In 2007, photographer Peter Menzel and writer Faith D’Aluisio visited 30 families in 24 countries to document what they ate. The results were incredible photographs showing Indian, Japanese, Mexican families with their weekly meals.
I have always been curious about what other people eat. When I’m at supermarkets, I would peer into the baskets of other shoppers. Did that man just buy 10 bags of Coke and 8 bags of potato chips? And, oh wow, that salmon looks amazing – where did she get that?
In their 2010 book What I Eat: Around the World in 80 Diets, Peter and Faith focused on the diets of individuals instead.
On one extreme, we have this lady in the UK showing us what she eats on a bingeing day. Her bags of chips, chocolate bars, bread and sausages amounted to more than 12,000 calories.
If you think the paleo diet is strange, think again. While some people cannot grasp the idea of eating healthy, whole food with minimal processed meals, other people around the world are taking their food choices to another level altogether. Here are the top 3 weird and wonderful (some might call them wacky) diets.
This diet, like its name suggests, is a diet consisting largely (more than 75%) of raw fruit. It is a subset of veganism and closely related to raw foodism, which we will talk about later. The other 25% of this diet usually include vegetables, nuts and seeds.
In this category, we have people from The Banana Girl (yes, that’s the name of her website and it’s very catchy, I must say) to ultra marathon runner Michael Arnstein.
First up, we have Freelee the Banana Girl, who hails from Australia. She stirred up controversy when she posted a YouTube video of herself eating 51 bananas a day.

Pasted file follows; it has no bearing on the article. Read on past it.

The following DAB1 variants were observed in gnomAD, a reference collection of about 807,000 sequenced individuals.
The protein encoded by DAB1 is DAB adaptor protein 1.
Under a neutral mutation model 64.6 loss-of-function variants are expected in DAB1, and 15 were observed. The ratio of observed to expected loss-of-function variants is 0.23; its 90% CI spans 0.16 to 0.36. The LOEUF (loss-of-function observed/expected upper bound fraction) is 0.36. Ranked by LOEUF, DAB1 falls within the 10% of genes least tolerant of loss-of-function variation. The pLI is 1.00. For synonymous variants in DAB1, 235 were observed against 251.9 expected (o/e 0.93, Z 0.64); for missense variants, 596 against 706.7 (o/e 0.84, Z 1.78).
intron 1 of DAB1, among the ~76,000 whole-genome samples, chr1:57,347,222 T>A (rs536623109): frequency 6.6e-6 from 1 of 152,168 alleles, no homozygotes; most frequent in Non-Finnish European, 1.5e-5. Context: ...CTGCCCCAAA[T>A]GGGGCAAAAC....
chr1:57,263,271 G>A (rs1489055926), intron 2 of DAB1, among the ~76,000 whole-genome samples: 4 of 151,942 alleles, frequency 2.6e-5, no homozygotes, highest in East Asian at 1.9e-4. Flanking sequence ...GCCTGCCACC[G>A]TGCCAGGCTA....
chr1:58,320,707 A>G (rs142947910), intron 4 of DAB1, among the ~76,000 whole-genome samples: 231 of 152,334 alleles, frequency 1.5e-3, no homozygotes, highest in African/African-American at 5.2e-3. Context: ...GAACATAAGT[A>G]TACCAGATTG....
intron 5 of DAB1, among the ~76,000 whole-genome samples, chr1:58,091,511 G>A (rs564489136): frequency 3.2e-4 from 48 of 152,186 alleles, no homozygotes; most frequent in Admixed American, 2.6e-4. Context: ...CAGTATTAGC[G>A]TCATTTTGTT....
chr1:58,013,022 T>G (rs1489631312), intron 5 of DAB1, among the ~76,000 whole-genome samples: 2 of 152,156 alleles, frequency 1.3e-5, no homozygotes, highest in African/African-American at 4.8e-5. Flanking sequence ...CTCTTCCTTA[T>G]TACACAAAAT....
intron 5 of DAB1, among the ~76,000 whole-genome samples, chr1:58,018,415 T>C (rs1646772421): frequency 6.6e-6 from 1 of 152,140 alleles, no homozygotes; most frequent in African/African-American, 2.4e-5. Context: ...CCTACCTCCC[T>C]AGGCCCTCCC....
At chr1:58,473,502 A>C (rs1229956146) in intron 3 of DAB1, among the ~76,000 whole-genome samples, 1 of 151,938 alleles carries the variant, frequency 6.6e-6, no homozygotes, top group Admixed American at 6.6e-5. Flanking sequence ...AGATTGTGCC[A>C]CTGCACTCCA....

She eats no cooked food until 4pm, usually eating mono meals – which means making meals out of one type of food only – of melons, pineapples and of course, bananas. After 4pm, she then eats cooked food, which could be 3.5kg of potato baked in the oven, or another meal of fruit. Continue reading Top 3 weird and wonderful diets
Resistant starch is the new buzzword in health circles. It started with Richard Nikoley unearthing research at his blog Free The Animal and the excitement surrounding resistant starch has been picked up by the paleo world as a type of good starch that can be eaten even as part of a low-carbohydrate diet. Resistant starch’s main role is to feed the good bacteria in our gut, and subsequently, help to reduce leaky gut syndrome, improve allergies and autoimmune conditions, reduce colon cancer risk and improve blood cholesterol. Dieters also have cause for cheer. Resistant starch can aid in weight loss by increasing satiety; it is a carbohydrate that with virtually zero impact on blood glucose.
What is resistant starch?
Essentially, resistant starch is a type of carbohydrate that cannot be digested by your body, but becomes food for your gut bacteria. Normally, starch is digested in your small intestine and absorbed by your body. The remaining non-digestible portion is called resistant starch and travels to the large intestine, where it is broken down by bacteria for energy.